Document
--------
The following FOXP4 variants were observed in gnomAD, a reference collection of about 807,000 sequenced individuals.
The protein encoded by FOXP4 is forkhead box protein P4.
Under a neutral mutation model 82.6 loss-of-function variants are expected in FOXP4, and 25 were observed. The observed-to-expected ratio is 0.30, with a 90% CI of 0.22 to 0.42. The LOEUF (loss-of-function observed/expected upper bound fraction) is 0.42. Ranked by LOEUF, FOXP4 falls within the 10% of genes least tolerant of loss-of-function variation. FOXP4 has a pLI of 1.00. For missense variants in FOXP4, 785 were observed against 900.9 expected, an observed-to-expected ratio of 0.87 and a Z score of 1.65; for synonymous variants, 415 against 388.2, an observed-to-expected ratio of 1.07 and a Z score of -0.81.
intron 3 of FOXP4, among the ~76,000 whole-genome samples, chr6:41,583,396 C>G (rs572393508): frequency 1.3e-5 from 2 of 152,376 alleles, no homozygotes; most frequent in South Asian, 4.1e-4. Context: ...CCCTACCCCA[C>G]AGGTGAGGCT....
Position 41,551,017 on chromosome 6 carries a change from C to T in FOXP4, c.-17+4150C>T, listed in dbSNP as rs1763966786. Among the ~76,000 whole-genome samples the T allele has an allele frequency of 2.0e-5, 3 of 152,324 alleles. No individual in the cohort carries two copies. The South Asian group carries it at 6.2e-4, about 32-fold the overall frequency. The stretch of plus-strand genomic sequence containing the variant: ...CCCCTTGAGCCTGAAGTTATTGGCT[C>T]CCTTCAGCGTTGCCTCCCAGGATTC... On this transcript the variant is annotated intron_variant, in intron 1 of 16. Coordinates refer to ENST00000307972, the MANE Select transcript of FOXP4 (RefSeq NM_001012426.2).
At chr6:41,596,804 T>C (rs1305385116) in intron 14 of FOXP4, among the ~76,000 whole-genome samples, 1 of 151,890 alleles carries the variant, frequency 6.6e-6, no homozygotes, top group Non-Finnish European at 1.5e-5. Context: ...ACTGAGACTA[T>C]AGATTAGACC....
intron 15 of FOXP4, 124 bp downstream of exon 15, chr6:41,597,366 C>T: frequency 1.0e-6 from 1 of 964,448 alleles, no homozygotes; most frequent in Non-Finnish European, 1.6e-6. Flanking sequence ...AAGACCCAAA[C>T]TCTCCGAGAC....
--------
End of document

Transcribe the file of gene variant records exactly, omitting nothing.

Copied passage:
The following FOXP4 variants were observed in gnomAD, a reference collection of about 807,000 sequenced individuals.
The protein encoded by FOXP4 is forkhead box protein P4.
Under a neutral mutation model 82.6 loss-of-function variants are expected in FOXP4, and 25 were observed. The observed-to-expected ratio is 0.30, with a 90% CI of 0.22 to 0.42. The LOEUF (loss-of-function observed/expected upper bound fraction) is 0.42. Ranked by LOEUF, FOXP4 falls within the 10% of genes least tolerant of loss-of-function variation. FOXP4 has a pLI of 1.00. For missense variants in FOXP4, 785 were observed against 900.9 expected, an observed-to-expected ratio of 0.87 and a Z score of 1.65; for synonymous variants, 415 against 388.2, an observed-to-expected ratio of 1.07 and a Z score of -0.81.
intron 3 of FOXP4, among the ~76,000 whole-genome samples, chr6:41,583,396 C>G (rs572393508): frequency 1.3e-5 from 2 of 152,376 alleles, no homozygotes; most frequent in South Asian, 4.1e-4. Context: ...CCCTACCCCA[C>G]AGGTGAGGCT....
Position 41,551,017 on chromosome 6 carries a change from C to T in FOXP4, c.-17+4150C>T, listed in dbSNP as rs1763966786. Among the ~76,000 whole-genome samples the T allele has an allele frequency of 2.0e-5, 3 of 152,324 alleles. No individual in the cohort carries two copies. The South Asian group carries it at 6.2e-4, about 32-fold the overall frequency. The stretch of plus-strand genomic sequence containing the variant: ...CCCCTTGAGCCTGAAGTTATTGGCT[C>T]CCTTCAGCGTTGCCTCCCAGGATTC... On this transcript the variant is annotated intron_variant, in intron 1 of 16. Coordinates refer to ENST00000307972, the MANE Select transcript of FOXP4 (RefSeq NM_001012426.2).
At chr6:41,596,804 T>C (rs1305385116) in intron 14 of FOXP4, among the ~76,000 whole-genome samples, 1 of 151,890 alleles carries the variant, frequency 6.6e-6, no homozygotes, top group Non-Finnish European at 1.5e-5. Context: ...ACTGAGACTA[T>C]AGATTAGACC....
intron 15 of FOXP4, 124 bp downstream of exon 15, chr6:41,597,366 C>T: frequency 1.0e-6 from 1 of 964,448 alleles, no homozygotes; most frequent in Non-Finnish European, 1.6e-6. Flanking sequence ...AAGACCCAAA[C>T]TCTCCGAGAC....